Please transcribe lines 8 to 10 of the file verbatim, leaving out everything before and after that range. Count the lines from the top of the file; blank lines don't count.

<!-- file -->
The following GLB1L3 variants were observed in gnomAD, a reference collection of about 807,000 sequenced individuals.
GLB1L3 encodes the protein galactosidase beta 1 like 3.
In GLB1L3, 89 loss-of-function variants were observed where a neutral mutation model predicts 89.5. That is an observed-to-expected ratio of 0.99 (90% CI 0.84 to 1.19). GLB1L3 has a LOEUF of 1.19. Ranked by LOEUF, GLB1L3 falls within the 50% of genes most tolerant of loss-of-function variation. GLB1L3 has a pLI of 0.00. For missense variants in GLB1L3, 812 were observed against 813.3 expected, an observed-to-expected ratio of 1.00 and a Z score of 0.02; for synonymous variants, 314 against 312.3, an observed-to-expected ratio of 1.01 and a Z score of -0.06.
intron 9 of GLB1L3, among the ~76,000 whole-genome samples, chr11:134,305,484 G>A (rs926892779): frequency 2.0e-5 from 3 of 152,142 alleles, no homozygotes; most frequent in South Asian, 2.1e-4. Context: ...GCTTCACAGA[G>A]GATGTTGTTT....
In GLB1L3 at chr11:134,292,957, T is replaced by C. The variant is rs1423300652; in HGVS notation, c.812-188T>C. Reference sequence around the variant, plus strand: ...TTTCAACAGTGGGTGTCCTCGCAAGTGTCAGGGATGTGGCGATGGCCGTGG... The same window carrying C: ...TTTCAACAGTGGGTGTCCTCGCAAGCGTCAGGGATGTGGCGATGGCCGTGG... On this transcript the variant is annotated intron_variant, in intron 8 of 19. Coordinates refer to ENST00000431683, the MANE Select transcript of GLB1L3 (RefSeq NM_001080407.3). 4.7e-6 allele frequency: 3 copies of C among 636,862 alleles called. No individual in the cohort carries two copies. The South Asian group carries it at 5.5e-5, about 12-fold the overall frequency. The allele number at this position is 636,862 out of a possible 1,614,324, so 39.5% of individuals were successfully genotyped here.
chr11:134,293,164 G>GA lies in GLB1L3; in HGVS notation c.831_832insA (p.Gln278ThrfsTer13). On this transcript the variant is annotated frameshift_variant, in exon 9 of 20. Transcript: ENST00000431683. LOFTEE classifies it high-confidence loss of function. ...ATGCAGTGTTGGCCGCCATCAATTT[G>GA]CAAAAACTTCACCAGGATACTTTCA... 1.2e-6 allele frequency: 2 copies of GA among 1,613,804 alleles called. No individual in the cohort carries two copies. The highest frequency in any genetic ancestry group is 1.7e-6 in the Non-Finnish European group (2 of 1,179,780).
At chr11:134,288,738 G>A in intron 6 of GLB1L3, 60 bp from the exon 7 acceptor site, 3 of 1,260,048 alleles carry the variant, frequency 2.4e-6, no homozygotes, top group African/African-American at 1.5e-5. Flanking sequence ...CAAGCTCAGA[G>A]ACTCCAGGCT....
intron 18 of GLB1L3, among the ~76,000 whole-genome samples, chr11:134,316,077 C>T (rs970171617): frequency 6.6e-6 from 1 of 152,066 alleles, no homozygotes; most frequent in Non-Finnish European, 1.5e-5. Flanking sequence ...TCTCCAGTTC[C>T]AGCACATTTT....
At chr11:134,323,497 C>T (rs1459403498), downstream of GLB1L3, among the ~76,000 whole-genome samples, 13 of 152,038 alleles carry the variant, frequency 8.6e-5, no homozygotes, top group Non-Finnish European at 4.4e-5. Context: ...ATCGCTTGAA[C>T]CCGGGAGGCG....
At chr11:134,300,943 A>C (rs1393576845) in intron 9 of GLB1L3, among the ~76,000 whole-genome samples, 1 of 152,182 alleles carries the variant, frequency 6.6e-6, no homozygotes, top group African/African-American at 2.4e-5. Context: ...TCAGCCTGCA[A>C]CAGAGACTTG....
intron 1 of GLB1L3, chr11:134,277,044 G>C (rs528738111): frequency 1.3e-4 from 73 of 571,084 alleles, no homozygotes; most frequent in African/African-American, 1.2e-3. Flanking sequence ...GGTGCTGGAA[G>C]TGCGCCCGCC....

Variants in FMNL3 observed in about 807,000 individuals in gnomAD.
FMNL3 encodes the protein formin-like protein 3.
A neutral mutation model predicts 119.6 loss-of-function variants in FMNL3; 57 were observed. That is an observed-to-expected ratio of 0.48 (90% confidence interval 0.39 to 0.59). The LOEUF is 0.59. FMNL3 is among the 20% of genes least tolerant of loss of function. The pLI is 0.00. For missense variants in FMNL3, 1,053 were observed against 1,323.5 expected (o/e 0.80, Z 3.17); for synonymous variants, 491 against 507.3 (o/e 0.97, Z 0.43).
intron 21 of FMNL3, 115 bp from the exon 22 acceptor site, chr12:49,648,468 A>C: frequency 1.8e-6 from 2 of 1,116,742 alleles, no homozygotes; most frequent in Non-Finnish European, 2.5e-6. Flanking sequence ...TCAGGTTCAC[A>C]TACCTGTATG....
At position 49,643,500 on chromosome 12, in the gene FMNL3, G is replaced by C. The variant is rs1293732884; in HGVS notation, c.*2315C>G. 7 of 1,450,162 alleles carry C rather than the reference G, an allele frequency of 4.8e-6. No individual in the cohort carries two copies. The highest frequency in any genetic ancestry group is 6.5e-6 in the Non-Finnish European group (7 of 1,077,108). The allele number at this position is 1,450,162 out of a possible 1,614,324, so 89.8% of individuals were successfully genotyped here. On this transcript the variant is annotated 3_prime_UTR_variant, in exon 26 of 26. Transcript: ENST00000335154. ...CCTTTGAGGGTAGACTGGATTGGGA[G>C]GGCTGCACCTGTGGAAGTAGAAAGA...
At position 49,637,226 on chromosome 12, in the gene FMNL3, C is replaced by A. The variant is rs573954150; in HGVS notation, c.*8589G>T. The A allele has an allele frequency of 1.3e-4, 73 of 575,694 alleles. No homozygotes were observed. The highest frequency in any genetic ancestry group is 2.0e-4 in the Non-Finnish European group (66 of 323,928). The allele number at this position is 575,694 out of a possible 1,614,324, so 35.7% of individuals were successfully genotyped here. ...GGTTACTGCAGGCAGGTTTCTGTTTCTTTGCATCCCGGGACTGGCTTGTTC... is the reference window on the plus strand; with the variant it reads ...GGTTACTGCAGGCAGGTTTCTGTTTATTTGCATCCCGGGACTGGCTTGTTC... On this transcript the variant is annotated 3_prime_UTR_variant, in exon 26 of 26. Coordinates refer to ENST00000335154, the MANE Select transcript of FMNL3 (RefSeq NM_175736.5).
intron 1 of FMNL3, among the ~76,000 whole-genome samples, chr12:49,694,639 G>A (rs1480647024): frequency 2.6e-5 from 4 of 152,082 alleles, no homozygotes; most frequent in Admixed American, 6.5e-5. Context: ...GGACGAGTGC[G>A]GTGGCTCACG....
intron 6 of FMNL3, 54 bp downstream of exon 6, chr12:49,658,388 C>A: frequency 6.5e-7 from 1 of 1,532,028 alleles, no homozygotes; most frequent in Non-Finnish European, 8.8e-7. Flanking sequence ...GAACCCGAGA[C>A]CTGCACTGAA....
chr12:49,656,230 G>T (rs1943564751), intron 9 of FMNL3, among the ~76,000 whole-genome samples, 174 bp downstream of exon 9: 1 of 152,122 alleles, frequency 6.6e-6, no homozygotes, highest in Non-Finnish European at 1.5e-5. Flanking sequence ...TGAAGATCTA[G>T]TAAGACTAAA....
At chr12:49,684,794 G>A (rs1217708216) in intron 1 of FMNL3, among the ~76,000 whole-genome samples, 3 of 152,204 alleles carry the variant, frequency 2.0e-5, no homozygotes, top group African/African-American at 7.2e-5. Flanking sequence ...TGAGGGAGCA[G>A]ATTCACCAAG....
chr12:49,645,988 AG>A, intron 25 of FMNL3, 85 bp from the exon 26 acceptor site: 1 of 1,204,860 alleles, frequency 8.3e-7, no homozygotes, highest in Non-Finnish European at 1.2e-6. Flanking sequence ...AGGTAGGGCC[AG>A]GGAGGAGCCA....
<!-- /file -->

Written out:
intron 18 of GLB1L3, among the ~76,000 whole-genome samples, chr11:134,316,077 C>T (rs970171617): frequency 6.6e-6 from 1 of 152,066 alleles, no homozygotes; most frequent in Non-Finnish European, 1.5e-5. Flanking sequence ...TCTCCAGTTC[C>T]AGCACATTTT....
At chr11:134,323,497 C>T (rs1459403498), downstream of GLB1L3, among the ~76,000 whole-genome samples, 13 of 152,038 alleles carry the variant, frequency 8.6e-5, no homozygotes, top group Non-Finnish European at 4.4e-5. Context: ...ATCGCTTGAA[C>T]CCGGGAGGCG....
At chr11:134,300,943 A>C (rs1393576845) in intron 9 of GLB1L3, among the ~76,000 whole-genome samples, 1 of 152,182 alleles carries the variant, frequency 6.6e-6, no homozygotes, top group African/African-American at 2.4e-5. Context: ...TCAGCCTGCA[A>C]CAGAGACTTG....